NRDC and the ‘Essential Role of Rooftop Solar’
NRDC is one of the largest environmental nonprofits in the world. Founded in 1970, it has amassed a long list of celebrity supporters, an annual budget of nearly $200 million and political influence, including a prominent rolein shaping President Barack Obama’s carbon emissions policy. The organization has worked for clean air, clean water, reduction of carbon emissions and protection for endangered species.
Its friends often include utility companies, leading to a series of joint statements with the Edison Electric Institute, a utility trade group, about shared priorities, including one in 2018 that said, “A clean energy transition is underway and accelerating.”
NRDC’s Birdseye said the organization “will continue to work with all stakeholders for a just solution that recognizes the essential role of rooftop solar power in our shared mission to confront the climate crisis.”
Mohit Chhabra, an NRDC senior scientist in the climate and clean energy program, said in a December blog post that California’s rooftop solar policy “overpays solar customers and shifts fixed grid and societal charges that solar customers should pay onto other customers.”
This was one of several blog posts endorsing the commission’s proposal. In another, he sought to debunk the “myths and misinformation” about the proposal. Among the myths, he said, is that the proposal will increase utility profits.
Loretta Lynch, who was a member of the California Public Utilities Commission from 2000 to 2005 and its president from 2000 to 2002, said it is misleading for NRDC to argue that the proposal won’t increase utility profits.
California Utilities make money, in large part, by receiving a profit on their assets, she said. The commission sets the percentage of profit that consumers are required to pay. A utility can increase its profit by building more assets, including power lines and other equipment.
“If they can kill rooftop solar, then they need more transmission lines and they profit even more,” Lynch said.
Despite heated rhetoric, both sides of the debate agree on some things. Nearly all of the participants, including the Sierra Club, acknowledge that there is a cost shift taking place between solar and non-solar customers.
“There is some overlap here where Sierra Club agrees that the current incentive is too high and that it is fair to decrease it,” said Katherine Ramsey, an attorney for the Sierra Club’s environmental law program. “Where we disagree with NRDC is how far you go. I think that part of what’s missing in the NRDC proposal is there’s not a full and fair accounting of the benefits of rooftop solar.”
She is touching on one of the main arguments of solar advocates, which is that supporters of the proposal are overestimating the cost shift and underestimating the positive effects of rooftop solar on the grid and climate.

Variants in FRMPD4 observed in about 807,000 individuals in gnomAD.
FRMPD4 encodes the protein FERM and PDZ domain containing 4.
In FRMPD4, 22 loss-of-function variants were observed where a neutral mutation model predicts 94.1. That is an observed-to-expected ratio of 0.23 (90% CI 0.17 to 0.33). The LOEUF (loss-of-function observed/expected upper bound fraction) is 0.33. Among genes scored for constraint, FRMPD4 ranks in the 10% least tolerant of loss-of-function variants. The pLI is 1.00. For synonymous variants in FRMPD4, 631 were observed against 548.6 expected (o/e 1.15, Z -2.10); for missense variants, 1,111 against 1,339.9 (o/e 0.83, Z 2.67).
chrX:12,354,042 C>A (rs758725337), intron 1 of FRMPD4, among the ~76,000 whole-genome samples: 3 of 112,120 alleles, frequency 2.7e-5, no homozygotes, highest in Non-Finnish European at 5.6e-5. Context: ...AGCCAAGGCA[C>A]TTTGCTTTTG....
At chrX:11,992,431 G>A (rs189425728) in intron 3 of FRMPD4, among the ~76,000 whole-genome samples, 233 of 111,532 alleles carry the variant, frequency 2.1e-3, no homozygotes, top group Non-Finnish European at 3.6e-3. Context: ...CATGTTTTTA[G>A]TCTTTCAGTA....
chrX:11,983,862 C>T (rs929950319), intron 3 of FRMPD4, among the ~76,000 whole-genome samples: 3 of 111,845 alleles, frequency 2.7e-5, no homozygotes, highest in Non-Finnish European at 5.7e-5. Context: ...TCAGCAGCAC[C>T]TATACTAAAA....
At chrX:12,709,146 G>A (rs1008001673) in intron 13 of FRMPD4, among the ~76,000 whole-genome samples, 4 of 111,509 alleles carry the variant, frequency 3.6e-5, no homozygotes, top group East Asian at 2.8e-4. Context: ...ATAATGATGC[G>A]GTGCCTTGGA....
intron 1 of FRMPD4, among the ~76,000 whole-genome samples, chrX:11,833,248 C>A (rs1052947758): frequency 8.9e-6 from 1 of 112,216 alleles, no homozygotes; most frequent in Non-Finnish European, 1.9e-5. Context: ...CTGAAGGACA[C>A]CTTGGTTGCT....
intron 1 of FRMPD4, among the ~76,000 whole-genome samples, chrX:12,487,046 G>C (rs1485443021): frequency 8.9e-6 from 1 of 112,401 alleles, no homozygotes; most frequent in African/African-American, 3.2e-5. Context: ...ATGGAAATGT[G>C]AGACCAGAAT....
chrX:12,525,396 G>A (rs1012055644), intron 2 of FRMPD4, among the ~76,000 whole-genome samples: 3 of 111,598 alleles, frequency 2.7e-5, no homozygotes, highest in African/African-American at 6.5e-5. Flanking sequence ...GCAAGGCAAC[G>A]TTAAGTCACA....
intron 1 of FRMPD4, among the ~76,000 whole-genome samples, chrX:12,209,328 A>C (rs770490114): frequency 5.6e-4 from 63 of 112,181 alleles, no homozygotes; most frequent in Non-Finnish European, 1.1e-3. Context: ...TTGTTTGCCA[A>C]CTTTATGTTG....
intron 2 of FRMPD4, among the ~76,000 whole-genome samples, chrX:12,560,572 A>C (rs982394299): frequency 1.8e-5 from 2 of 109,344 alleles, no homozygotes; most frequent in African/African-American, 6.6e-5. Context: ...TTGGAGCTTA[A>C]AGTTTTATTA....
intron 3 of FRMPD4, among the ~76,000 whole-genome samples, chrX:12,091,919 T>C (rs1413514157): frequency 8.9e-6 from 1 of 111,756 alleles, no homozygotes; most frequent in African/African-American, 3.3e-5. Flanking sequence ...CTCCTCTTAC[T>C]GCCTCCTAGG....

‘Two Completely Different Worlds’
Some of the divisions over rooftop solar policy come down to differing views of what the transition to clean energy will look like, or should look like.
Right now, utilities provide delivery for nearly all of the electricity consumed in the United States. Also, nearly all of the electricity in the United States comes from centralized power plants, which can include fossil fuels, nuclear or renewables, and is delivered to consumers by utilities.
Lazar, the regulatory consultant, said that NRDC has chosen to collaborate with utilities based on a view that the companies will continue to have a central role in delivering electricity.
“If you believe that the power companies are going to be around, then you need to make a deal with the devil,” he said.
But not everyone believes that. Other advocacy groups, including many of those supporting rooftop solar in California, are working for policies that would help to decentralize the electricity system, allowing consumers and communities more freedom to meet their own needs.
“The Sierra Club has a long commitment to getting to a democratized clean energy system that includes local, resilient energy,” said Ramsey of Sierra Club. “So that’s where we disagree, and I think we just envision an energy system where there’s more local control over our energy consumption and generation than NRDC.”
The result is a fundamental difference, said Ben Paulos, an independent policy analyst in Berkeley, California, who has done work with the Vote Solar and the Clean Energy States Alliance.
“It’s two completely different worlds,” he said. “The decisions that put solar on your house, that’s a consumer decision, that’s consumer behavior. It has nothing whatsoever to do with utility procurement.”
So, a utility may argue for building utility-scale solar instead of rooftop solar because utility-scale solar is much less expensive per unit of electricity, but that view doesn’t account for the appeal of rooftop solar.
Rooftop solar “is an opportunity for customers to own the energy transition,” Paulos said.
And that’s the nub of the conflict, because utilities want to own the energy transition.